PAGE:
Pam’s gone and laid out the gold standard of how queer folk can think most clearly about what candidate might deserve their vote.

The problem, as she notes, is that the press and such keep asking the canidates how they “feel” about queer rights, or marriage. We don’t give a rat’s ass how they feel. We give a rat’s ass about how they vote, make policy, and govern. Their fee-fees are their own.

Justice Frankfurter…though on the wrong side of history with this one, puts it thusly: “Were my purely personal attitudes relevant I should wholeheartedly associate myself with the generally libertarian views in the Court’s opinion . . . But as judges we are neither Jew nor Gentile, neither Catholic nor agnostic.”

That’s the dissent on W. VA School Board v. Barnette, btw.

Back to Pam’s criteron:

Candidates having positions in place for LGBT voters that are 1) consistent (not dependent on the audience they are speaking before/shaking down for money), 2) policy-driven (not what’s in your heart or how you were raised), 3) believable (you have to explain how civil unions are going to work with the federal DOMA still in place), 4) honest (A tall order indeed), help us shop for candidates to support. It’s not a lot to ask where they actually stand on the issues and what policy changes, if any, they will advocate for in this area. Get on the record and explain yourself. Put your positions up on your web site, for god’s sake.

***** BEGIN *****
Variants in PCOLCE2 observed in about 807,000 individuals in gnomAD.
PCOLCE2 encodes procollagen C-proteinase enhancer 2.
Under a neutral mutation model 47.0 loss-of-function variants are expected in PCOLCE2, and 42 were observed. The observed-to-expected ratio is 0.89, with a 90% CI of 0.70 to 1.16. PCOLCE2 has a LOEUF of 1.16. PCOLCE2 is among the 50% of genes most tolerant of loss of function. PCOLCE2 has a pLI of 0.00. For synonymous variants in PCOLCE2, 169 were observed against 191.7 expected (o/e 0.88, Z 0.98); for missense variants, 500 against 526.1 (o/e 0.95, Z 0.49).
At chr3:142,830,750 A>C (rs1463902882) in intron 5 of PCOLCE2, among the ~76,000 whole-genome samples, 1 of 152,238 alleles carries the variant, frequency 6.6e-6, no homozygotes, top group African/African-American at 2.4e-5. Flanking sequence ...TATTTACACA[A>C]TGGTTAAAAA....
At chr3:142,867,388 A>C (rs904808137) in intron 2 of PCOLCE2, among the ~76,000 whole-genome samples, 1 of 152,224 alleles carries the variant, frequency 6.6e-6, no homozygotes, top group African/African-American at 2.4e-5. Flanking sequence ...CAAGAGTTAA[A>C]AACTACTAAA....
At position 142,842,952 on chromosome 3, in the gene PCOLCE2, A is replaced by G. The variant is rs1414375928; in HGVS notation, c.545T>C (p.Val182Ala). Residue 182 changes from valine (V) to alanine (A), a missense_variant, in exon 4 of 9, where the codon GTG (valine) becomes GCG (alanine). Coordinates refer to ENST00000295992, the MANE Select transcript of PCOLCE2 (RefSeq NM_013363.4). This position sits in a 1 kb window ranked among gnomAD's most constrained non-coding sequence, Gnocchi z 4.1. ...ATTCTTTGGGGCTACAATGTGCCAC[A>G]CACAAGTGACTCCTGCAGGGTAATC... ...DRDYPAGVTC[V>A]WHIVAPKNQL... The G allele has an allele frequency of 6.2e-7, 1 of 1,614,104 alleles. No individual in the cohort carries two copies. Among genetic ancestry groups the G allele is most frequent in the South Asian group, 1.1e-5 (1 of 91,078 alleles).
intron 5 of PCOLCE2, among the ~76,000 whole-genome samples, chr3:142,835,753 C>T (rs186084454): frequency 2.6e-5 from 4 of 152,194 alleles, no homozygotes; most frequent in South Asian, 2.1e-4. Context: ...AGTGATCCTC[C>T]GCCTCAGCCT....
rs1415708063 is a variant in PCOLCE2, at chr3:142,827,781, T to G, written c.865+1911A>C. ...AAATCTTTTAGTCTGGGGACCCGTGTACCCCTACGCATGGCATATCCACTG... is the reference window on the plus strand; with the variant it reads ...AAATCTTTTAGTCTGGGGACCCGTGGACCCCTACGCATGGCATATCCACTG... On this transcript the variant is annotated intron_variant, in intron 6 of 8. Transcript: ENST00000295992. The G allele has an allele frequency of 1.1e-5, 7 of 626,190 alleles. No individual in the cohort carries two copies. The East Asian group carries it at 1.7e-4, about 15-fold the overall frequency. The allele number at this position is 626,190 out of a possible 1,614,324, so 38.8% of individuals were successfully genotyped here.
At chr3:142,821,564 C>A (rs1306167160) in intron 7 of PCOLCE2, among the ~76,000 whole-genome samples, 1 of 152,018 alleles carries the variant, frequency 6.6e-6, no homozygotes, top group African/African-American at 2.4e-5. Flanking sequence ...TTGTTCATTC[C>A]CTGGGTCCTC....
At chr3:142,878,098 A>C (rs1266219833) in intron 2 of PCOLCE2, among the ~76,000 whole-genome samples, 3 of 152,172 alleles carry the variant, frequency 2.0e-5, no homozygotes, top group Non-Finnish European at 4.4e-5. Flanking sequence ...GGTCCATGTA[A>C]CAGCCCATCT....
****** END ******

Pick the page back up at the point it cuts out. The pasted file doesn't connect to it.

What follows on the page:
Go read the rest.

And ask why we’ve gotten so caught up on feelings. Why do some issues come down to that, and what issues get policy statements?